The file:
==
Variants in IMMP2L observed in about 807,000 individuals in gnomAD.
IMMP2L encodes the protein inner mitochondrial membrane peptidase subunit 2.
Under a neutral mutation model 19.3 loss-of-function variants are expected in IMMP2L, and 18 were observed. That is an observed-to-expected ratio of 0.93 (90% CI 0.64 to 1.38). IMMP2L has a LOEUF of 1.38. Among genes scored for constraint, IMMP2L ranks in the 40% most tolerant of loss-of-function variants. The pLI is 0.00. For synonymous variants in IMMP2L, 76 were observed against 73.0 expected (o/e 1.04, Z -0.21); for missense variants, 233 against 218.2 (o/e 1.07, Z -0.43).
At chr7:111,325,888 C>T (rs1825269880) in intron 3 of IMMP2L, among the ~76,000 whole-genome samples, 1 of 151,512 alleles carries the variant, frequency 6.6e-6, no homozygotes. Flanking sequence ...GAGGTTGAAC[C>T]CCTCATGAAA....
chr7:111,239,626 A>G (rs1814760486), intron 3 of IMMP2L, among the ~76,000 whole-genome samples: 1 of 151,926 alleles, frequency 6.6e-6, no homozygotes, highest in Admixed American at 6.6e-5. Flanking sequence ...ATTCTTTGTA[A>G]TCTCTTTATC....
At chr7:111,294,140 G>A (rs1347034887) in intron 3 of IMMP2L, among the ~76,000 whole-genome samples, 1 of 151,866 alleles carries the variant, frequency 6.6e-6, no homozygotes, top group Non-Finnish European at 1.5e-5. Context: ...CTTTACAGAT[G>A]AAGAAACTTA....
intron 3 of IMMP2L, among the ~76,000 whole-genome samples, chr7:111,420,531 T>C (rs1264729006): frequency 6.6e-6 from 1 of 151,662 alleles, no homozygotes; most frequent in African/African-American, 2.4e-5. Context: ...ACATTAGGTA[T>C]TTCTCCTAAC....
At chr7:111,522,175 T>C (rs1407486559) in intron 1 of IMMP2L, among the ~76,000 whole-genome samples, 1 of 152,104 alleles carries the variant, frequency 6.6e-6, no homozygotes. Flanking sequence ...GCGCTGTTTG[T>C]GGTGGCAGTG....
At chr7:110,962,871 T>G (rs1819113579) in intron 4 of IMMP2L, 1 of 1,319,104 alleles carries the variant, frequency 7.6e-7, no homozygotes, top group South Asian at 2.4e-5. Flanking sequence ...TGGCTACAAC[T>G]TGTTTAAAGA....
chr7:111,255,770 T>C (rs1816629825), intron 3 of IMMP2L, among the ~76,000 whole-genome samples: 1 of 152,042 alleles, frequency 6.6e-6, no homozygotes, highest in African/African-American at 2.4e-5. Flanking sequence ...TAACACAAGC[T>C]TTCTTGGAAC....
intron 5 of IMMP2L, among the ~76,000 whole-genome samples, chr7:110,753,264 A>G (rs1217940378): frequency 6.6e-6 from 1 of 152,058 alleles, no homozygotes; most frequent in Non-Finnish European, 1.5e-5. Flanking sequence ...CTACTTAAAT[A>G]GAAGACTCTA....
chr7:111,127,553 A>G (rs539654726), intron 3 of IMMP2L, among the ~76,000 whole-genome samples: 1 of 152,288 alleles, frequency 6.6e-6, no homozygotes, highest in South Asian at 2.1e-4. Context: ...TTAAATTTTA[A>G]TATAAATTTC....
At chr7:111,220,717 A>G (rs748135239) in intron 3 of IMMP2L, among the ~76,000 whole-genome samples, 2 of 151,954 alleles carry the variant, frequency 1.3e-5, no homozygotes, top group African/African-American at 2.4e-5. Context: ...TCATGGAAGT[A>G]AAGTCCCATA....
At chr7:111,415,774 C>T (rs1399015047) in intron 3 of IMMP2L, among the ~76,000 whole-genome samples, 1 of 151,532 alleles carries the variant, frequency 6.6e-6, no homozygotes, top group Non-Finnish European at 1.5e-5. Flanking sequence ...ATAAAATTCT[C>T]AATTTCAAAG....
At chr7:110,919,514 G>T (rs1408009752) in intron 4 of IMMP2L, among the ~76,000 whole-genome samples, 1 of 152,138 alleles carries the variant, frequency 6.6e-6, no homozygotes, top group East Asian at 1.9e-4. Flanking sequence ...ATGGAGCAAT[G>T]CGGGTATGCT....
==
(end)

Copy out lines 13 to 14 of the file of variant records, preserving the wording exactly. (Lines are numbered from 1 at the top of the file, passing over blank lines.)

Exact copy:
At chr7:111,220,717 A>G (rs748135239) in intron 3 of IMMP2L, among the ~76,000 whole-genome samples, 2 of 151,954 alleles carry the variant, frequency 1.3e-5, no homozygotes, top group African/African-American at 2.4e-5. Context: ...TCATGGAAGT[A>G]AAGTCCCATA....
At chr7:111,415,774 C>T (rs1399015047) in intron 3 of IMMP2L, among the ~76,000 whole-genome samples, 1 of 151,532 alleles carries the variant, frequency 6.6e-6, no homozygotes, top group Non-Finnish European at 1.5e-5. Flanking sequence ...ATAAAATTCT[C>T]AATTTCAAAG....